Creighton pushes bill requiring US-made steel for state projects
State Sen. Brandon Creighton is pushing a bill that would require Texas to use only steel made in America in state projects.
With Texas and steel manufacturers across the country long struggling to compete with foreign companies offering steel at cheaper prices, the Conroe Republican says his Senate Bill 1289 will help preserve jobs by requiring that only steel made in the United States be used on any Texas state project or construction job.
Although Texas does not have a vast Rust Belt area like regions across the Midwest were known for as steel plant after steel plant shut down, Creighton points to Texas companies -- including Tenaris -- that have laid off workers. Houston-based Tenaris blamed what it called "unfairly traded imports" from South Korea for forcing it to suspend work at its welded tubes mill in Conroe in April 2015. The closure put 230 people out of work.
Also last year, U.S. Steel laid off nearly 700 workers at its plant it operates in the Lone Star State.
"Iron and steel manufacturers have closed across the state," Creighton told The Courier. "We will continue to lose our manufacturing jobs to China and Turkey"
Although China leads the world in steel production, having long surpassed the U.S., according to the World Steel Association, production in Turkey is growing so rapidly that it is now among the world leaders in steel making.
In speaking of his bill, Creighton noted an executive order signed by President Trump earlier this week directing federal agencies to implement the so-called "Buy American, Hire American" promise he made during the presidential campaign. The directive from the president seeks to boost protections for American companies and their workers.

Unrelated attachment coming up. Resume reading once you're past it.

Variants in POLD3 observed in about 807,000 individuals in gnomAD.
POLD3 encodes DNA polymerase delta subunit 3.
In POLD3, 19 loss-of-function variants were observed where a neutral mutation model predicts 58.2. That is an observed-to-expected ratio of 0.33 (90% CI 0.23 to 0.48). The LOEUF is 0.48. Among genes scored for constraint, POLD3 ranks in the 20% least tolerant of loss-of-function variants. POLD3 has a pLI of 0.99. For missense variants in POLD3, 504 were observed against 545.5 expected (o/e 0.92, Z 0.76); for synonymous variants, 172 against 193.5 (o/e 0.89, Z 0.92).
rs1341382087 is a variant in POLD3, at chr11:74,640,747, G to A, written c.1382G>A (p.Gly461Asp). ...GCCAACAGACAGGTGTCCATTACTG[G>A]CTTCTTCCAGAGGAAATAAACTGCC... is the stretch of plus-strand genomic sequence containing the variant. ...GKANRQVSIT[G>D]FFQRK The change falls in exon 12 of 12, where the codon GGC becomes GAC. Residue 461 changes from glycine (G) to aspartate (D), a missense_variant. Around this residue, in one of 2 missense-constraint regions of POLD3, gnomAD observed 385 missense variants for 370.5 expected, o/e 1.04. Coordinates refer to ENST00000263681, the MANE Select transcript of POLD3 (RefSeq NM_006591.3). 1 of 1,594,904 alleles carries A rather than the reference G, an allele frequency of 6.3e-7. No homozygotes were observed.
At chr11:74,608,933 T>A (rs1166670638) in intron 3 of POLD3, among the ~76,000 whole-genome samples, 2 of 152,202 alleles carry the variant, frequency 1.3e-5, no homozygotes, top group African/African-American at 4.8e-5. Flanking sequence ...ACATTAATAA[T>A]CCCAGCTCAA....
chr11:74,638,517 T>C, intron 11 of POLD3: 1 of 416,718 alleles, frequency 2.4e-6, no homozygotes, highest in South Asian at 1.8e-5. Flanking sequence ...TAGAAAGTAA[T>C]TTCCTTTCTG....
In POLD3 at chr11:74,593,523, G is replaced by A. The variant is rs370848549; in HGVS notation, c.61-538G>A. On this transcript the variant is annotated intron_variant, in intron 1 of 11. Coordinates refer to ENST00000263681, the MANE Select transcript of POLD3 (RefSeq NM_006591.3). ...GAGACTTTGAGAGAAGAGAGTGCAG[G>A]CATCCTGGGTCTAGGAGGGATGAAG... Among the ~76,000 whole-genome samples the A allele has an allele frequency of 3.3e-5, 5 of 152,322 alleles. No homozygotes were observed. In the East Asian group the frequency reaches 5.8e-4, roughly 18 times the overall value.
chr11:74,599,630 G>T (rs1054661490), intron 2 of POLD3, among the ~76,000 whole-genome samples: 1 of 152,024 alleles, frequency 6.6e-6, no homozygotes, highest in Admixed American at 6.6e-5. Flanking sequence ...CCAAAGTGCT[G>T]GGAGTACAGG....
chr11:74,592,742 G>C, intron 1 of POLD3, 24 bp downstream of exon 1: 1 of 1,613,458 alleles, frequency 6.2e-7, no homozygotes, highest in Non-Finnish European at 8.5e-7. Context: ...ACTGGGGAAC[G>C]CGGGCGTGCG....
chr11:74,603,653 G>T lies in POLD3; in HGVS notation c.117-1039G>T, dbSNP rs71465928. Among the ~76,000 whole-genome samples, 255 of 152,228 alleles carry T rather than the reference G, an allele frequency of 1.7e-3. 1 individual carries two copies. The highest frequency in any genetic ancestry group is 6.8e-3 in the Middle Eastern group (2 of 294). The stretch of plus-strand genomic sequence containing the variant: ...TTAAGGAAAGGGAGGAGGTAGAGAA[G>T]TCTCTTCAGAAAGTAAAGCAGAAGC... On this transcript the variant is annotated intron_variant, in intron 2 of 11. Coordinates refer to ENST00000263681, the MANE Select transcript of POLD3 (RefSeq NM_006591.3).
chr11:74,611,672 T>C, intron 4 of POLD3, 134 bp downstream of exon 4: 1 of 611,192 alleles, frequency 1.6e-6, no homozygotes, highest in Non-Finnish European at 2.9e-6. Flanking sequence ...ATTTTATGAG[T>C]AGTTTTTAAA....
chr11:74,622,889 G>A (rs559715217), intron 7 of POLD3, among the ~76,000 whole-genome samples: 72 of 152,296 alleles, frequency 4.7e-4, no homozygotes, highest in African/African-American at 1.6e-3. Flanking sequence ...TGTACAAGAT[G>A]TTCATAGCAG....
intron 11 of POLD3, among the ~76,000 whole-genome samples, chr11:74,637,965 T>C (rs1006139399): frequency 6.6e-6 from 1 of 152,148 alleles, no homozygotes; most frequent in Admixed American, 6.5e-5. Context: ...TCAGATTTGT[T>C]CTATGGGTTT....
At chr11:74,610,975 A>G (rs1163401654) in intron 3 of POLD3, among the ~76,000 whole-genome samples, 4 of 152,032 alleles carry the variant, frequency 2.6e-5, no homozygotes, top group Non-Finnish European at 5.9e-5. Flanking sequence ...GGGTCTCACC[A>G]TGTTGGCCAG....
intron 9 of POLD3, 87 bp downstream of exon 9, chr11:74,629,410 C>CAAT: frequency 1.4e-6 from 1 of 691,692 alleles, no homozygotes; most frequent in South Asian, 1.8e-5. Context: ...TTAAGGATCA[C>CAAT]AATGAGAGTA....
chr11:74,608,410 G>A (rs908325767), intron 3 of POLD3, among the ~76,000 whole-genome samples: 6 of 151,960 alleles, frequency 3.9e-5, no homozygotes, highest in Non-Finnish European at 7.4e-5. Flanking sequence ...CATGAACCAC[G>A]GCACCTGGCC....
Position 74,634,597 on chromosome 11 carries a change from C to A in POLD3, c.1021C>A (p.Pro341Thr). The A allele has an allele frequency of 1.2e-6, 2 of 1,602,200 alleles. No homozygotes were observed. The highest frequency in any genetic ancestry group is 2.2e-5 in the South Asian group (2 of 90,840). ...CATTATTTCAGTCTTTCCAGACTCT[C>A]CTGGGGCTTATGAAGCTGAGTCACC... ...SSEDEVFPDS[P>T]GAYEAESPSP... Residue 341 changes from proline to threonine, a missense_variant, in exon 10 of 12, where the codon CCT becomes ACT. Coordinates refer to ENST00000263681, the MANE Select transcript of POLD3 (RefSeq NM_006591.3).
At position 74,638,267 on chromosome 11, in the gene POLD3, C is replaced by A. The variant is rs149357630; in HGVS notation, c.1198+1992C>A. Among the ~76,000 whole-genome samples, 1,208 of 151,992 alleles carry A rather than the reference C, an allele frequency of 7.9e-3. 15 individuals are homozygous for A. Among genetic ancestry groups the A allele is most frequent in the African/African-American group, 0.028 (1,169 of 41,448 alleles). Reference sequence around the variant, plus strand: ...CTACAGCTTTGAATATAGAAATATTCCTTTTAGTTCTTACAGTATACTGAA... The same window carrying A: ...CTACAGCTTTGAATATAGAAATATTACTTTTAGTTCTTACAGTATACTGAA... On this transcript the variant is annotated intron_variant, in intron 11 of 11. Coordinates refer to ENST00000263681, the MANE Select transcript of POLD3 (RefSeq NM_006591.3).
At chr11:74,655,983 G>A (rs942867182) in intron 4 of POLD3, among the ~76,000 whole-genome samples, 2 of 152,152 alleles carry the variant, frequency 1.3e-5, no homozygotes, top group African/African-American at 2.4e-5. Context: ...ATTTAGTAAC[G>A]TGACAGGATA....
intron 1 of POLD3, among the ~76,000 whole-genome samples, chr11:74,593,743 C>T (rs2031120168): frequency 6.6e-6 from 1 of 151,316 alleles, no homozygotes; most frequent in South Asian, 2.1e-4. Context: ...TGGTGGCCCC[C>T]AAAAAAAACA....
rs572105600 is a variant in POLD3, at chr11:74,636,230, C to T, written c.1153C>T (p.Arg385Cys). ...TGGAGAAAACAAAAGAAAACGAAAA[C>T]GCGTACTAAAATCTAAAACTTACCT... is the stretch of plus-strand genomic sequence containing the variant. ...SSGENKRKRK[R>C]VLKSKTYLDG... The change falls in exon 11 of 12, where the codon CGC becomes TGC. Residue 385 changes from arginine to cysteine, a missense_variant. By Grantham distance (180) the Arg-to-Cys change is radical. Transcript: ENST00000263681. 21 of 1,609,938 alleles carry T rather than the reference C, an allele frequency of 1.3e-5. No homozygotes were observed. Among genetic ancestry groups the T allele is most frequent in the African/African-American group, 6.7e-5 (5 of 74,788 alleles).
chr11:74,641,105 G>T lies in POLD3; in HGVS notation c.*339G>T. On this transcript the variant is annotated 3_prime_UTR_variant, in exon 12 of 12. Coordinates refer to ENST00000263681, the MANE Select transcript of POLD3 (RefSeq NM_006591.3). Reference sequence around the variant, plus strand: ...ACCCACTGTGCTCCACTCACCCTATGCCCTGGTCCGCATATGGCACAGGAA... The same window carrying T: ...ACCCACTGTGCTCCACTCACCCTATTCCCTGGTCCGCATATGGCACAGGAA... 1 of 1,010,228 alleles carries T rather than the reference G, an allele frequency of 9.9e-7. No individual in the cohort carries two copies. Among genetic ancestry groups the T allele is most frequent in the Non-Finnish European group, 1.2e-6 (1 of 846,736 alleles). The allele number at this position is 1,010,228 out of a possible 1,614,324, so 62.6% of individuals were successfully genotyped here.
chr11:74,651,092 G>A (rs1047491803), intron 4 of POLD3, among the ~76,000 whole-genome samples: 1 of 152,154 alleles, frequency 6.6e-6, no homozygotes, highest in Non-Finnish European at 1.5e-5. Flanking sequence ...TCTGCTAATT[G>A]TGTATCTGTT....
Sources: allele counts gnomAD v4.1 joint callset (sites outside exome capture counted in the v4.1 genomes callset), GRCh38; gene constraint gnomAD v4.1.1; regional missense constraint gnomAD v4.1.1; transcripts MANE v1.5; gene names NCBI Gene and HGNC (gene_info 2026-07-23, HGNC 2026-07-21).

"These buy American provisions are creating jobs," Creighton told The Courier.
After being heard in the Senate's Business & Commerce Committee this week, the measure is expected to come up for discussion again next week in the committee, where Creighton says he's "confident" the bill will advance out of the committee.
In another matter, Creighton says he still is seeking to change the wording in his proposed bill that would allow development in a portion of Jones State Park for "educational purposes." The bill -- SB 1964 -- has sparked a torrent of local outrage over concerns about commercial development in the park, or that the owner and operator of the park -- Texas A&M University system -- intends to build a campus in the park.
Creighton has pledged to remove the word "commercial" from the bill when it is heard in committee, although no date has been set for a hearing. University system officials have denied they have plans for a campus in the forest.
Still, local opposition to the bill remains fierce, with more than 8,500 people signing a change.org petition seeking Creighton to kill the bill or amend it to protect the entire park.